The Master Plan provides a detailed description of the McDonnell administration's vision for the corridor, which the CTB had designated as a Corridor of Statewide Significance in 2011. Key elements include:
- Construction of a continuous high-occupancy vehicle (HOV) facility between I-95 and the area west of Washington Dulles International Airport, which
would operate during peak periods in the morning and evening.
- Establishment of a high-occupancy toll (HOT) system
between Route 234 and Dulles airport. Vehicles carrying three or
more persons would be able to access the system at no cost, and
other vehicles would pay a toll to access the HOV/HOT lanes during peak
- Construction of a new road between the North-South
Corridor and Dulles airport to improve regional and statewide access to the
airport, surrounding freight facilities and the Metrorail Silver Line.
- Provision of new and expanded transit services connecting activity centers in the corridor. These services would provide north-south
mobility as well as connections for east-west travelers at convenient locations such as park-and-rides and rail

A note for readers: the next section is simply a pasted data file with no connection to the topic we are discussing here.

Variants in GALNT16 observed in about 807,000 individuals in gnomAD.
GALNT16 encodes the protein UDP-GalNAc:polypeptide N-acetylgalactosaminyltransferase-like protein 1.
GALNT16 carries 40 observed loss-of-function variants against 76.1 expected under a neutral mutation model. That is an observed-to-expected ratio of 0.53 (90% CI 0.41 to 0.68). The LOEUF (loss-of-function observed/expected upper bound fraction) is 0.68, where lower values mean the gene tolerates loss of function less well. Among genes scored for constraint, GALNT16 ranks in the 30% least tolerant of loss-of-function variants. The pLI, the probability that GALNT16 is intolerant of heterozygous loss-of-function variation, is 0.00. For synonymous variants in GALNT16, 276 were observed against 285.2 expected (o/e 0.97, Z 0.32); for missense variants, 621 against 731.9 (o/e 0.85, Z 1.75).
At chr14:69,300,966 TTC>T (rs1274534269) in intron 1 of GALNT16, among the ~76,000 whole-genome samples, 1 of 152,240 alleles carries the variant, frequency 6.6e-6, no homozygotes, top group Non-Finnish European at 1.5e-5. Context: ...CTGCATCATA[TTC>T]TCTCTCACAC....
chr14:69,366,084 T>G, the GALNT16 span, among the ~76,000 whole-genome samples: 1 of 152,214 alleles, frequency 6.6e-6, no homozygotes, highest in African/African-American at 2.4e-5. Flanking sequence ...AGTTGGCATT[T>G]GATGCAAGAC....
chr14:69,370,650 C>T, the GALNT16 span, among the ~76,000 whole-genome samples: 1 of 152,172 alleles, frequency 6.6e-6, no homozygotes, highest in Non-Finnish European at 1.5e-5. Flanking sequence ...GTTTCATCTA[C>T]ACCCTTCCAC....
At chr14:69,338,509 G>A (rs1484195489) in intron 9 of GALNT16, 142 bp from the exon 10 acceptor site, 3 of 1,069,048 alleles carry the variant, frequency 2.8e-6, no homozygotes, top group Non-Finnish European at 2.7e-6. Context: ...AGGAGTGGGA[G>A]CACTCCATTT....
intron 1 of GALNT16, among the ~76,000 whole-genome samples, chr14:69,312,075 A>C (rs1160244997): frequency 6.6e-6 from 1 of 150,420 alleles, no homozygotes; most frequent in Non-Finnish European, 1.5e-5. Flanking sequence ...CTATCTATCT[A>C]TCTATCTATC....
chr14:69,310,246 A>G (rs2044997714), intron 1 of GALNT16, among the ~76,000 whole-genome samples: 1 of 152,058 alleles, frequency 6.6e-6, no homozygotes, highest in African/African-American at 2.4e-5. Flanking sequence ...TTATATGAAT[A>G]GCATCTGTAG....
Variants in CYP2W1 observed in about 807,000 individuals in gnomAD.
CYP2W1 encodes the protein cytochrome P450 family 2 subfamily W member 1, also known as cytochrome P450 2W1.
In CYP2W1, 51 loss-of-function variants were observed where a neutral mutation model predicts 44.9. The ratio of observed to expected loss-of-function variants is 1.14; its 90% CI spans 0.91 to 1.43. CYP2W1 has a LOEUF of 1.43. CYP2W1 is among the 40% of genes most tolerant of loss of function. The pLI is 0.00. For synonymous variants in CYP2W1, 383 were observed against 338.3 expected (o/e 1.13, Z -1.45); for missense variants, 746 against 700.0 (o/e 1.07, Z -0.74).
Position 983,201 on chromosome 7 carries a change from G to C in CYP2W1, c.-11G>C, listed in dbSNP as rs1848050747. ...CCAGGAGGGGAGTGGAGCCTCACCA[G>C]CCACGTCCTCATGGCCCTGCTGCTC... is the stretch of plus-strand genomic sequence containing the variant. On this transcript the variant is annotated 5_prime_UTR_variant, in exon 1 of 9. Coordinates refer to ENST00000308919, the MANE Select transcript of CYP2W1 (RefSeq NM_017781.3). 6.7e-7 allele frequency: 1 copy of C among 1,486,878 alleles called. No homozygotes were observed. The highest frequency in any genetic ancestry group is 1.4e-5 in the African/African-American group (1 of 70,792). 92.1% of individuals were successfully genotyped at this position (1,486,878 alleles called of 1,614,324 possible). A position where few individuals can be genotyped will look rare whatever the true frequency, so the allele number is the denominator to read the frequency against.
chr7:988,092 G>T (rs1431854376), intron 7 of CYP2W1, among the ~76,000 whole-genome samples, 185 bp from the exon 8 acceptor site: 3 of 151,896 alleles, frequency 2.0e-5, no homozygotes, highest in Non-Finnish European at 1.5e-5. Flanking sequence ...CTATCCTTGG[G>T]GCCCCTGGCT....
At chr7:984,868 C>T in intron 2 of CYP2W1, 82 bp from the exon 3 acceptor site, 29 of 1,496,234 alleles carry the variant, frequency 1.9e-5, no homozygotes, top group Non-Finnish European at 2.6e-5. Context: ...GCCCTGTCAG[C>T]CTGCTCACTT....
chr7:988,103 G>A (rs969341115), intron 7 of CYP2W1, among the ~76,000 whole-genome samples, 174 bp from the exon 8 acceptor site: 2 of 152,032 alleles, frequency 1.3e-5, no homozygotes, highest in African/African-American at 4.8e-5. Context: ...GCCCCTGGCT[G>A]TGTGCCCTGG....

- Construction of a trail along the Corridor for the use of bicyclists and pedestrians, allowing them to access activity centers
throughout the north-south corridor seamlessly.
- Improvements to transportation demand management programs (TDM) within the Corridor, focused on marketing and promotion of the expanded transit services and the HOV network.
Tyeryar chacterized the report as the result of collective with Loudoun County and Prince William County. All segments of the proposed highway can be found already in county transportation plans. "We took existing segments of roads and linked them together."